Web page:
The photoluminescent structure 10 may include a single photoluminescent material 22, which is configured to convert inputted light 98 received from light source 96 into an outputted light 100 having a wavelength different than that associated with the inputted light 98. More specifically, the photoluminescent material 22 is formulated to have an absorption spectrum that includes the emission wavelength of the inputted light 98 supplied from the light source 96. The photoluminescent material 22 is also formulated to have a Stokes shift resulting in the converted visible light 100 having an emission spectrum expressed in a desired color, which may vary depending on the lighting application. The converted visible light 100 is outputted from the light source 96 via the apertures 104, thereby causing the top surface 78 of the housing 62 to illuminate in the desired color. In one embodiment, the energy conversion process is undertaken by way of down conversion, whereby the inputted light 98 includes light on the lower end of the visible spectrum such as blue, violet, or ultraviolet (UV) light. Doing so enables blue, violet, or UV LEDs to be used as the light source 96, which may offer a relative cost advantage over simply using LEDs of the desired color and foregoing the energy conversion process altogether. Furthermore, the illumination provided by the top surface 78 of the housing 62 may offer a unique, substantially uniform, and/or attractive viewing experience that may be difficult to duplicate through non-photoluminescent means. It should be appreciated that the photoluminescent structure 10 may be disposed on or in other portions of the light pipe 118 and may be dependent both on and in the light pipe 118.

Referring to FIGS. 9A-9B, exemplary light guides 114 having a photoluminescent structure therein and/or thereon are respectively illustrated. As shown in FIG. 9A, the photoluminescent structure 10 is disposed within the light pipe 118 of the light guide 114. As shown in FIG. 9B, the photoluminescent structure 10 is disposed on an end portion of the light pipe 118.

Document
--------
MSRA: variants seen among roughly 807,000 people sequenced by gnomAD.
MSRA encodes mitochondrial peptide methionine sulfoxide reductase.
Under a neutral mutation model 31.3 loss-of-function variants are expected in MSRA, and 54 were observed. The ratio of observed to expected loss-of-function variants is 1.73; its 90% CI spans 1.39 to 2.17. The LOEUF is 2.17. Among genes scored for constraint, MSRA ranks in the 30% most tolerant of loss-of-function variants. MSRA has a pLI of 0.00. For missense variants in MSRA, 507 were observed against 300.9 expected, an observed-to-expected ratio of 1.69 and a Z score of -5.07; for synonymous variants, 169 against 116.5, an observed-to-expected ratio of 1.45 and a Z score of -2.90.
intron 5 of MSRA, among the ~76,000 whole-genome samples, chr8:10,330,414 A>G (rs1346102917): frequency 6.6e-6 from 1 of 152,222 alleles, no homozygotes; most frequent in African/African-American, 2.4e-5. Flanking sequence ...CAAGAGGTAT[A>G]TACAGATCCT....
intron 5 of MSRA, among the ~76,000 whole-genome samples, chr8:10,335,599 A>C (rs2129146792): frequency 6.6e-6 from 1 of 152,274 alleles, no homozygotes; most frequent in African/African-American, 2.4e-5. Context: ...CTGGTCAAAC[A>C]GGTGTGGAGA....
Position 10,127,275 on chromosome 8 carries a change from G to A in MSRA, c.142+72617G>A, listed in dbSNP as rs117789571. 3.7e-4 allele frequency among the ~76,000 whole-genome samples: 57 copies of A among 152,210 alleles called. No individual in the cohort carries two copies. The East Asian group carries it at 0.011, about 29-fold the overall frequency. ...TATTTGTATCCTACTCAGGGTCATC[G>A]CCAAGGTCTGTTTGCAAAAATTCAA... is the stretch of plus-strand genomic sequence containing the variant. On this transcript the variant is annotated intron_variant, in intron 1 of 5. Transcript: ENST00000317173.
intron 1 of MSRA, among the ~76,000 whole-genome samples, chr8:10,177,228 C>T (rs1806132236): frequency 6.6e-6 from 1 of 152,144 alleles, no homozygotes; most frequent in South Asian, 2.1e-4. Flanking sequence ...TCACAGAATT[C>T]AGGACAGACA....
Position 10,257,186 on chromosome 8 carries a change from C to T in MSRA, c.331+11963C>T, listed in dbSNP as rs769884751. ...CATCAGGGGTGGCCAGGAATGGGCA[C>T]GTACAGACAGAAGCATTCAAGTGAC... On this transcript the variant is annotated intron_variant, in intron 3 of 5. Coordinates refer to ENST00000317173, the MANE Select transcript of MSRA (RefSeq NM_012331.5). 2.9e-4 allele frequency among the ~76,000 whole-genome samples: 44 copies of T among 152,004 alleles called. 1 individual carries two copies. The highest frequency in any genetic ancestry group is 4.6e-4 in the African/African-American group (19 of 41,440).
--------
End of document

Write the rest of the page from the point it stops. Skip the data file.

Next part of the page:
As illustrated in FIG. 9A, the light pipe 118 may be integrally formed with a photoluminescent material such that inputted light 98 emitted from the light source 96 is converted to outputted light 100 as the light is directed towards a desired location, such as the apertures 104. The photoluminescent structure 10 may be disposed on an interior surface of the light pipe 118. Or, alternatively, the photoluminescent structure 10 may be disposed within the material forming the light pipe 118.

As illustrated in FIG. 9B, the photoluminescent structure 10 may be disposed on an end portion of the light pipe 118. The light source 96 emits inputted light 98 at a first wavelength that is directed towards a desired location, such as the apertures 104. As the inputted light 98 exits the end portion of the light pipe 118, the inputted light 98 is converted to outputted light 100 of a different wavelength. A reflective material 144 may be applied to any surface of the light pipe 118 for assisting in directing light towards the end portion of the light pipe 118.